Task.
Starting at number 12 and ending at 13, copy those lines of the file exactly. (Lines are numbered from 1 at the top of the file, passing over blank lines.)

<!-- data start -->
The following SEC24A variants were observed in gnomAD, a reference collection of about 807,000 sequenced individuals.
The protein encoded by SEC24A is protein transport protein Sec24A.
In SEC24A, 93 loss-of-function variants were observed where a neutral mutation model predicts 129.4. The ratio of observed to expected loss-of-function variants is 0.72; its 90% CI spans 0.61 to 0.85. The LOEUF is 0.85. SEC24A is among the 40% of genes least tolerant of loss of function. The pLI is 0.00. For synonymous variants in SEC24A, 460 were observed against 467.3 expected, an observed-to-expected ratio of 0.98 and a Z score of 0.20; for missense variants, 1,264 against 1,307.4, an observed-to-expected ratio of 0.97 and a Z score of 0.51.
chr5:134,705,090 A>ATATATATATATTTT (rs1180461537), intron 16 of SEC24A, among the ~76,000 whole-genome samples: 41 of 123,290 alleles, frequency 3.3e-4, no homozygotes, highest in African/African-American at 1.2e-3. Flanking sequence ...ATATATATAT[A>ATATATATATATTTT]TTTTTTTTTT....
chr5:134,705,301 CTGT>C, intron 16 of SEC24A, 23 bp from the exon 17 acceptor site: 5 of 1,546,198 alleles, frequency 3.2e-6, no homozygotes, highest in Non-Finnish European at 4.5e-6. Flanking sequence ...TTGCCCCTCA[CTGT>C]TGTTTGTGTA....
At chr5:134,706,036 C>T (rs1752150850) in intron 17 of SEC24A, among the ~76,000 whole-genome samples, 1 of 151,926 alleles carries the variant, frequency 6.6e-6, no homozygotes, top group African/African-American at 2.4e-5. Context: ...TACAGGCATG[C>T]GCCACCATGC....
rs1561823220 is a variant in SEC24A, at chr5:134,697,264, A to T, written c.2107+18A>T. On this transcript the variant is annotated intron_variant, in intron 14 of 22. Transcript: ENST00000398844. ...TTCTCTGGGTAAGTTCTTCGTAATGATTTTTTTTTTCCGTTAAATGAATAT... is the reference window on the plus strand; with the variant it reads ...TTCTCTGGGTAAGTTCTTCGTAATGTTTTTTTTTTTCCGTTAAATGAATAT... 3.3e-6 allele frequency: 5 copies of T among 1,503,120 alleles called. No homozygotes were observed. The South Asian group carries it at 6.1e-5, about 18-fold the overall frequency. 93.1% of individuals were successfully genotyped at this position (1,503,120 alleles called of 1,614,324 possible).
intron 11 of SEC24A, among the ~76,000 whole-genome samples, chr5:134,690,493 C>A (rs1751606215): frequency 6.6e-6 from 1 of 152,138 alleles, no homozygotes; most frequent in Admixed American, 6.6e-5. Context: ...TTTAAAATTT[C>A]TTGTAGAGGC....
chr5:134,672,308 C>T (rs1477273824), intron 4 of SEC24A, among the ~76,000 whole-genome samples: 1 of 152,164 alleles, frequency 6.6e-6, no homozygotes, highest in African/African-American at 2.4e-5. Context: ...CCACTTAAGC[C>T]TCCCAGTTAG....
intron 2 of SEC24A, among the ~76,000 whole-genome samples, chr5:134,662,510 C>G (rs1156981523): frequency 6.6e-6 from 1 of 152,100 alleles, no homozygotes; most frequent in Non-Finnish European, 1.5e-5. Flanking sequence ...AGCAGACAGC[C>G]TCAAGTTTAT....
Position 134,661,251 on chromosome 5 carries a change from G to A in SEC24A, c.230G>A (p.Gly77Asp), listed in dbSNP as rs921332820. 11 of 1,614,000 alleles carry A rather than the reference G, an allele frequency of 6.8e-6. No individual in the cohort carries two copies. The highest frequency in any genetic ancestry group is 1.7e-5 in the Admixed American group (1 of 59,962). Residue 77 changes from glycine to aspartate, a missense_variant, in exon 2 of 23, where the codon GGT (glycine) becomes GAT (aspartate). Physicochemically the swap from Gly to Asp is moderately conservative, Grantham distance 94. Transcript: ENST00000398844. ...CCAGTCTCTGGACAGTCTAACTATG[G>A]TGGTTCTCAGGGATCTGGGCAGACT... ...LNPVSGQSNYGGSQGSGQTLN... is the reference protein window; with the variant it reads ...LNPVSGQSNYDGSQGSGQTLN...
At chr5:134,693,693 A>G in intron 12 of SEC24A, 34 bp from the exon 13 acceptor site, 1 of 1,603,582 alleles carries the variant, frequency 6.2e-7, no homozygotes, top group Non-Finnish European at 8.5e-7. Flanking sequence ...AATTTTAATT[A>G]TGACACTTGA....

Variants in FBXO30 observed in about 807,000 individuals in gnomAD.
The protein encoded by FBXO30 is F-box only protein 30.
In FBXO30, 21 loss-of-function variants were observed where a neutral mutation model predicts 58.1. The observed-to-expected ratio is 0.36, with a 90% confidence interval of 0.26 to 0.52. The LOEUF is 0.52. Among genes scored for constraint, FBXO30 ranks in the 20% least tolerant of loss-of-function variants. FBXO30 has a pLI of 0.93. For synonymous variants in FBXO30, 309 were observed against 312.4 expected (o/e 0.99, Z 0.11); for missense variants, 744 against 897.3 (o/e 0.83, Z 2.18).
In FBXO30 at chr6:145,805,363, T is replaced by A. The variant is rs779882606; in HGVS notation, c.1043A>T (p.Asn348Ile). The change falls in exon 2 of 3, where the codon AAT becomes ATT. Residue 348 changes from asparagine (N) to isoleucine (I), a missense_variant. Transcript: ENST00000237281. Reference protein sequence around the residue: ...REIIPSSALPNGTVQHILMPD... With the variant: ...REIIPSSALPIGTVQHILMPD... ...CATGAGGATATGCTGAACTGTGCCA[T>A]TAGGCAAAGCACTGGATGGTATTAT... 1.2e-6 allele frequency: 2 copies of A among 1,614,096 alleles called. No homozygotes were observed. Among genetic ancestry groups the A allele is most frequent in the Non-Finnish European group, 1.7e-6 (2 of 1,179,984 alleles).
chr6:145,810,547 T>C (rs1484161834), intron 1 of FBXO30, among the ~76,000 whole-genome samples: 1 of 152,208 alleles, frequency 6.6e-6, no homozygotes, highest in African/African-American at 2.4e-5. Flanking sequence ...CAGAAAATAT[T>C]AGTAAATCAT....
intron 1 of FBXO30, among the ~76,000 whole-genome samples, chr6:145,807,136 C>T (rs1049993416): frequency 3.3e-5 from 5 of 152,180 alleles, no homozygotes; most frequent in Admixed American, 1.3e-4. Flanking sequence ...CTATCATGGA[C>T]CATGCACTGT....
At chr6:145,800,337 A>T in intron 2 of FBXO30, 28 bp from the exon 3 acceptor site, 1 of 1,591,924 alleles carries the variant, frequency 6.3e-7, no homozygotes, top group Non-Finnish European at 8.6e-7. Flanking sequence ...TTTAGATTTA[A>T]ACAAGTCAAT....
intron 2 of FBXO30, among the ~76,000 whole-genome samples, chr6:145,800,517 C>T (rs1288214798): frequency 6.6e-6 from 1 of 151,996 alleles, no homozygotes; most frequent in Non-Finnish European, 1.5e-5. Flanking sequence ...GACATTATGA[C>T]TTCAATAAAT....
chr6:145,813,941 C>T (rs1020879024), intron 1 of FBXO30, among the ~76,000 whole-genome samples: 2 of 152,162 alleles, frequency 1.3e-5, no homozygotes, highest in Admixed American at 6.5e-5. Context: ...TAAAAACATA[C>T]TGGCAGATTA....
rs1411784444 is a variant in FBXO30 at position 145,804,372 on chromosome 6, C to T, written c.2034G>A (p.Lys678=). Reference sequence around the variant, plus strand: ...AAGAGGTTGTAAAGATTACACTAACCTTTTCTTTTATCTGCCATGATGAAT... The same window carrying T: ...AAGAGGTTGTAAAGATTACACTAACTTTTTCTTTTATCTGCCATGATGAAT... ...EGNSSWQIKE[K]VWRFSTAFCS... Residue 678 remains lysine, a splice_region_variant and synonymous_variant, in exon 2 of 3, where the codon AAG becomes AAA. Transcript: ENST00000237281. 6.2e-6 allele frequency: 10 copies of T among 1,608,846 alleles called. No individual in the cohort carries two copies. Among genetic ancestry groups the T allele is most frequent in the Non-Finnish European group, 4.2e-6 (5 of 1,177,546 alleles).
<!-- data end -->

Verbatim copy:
At chr5:134,693,693 A>G in intron 12 of SEC24A, 34 bp from the exon 13 acceptor site, 1 of 1,603,582 alleles carries the variant, frequency 6.2e-7, no homozygotes, top group Non-Finnish European at 8.5e-7. Flanking sequence ...AATTTTAATT[A>G]TGACACTTGA....

Variants in FBXO30 observed in about 807,000 individuals in gnomAD.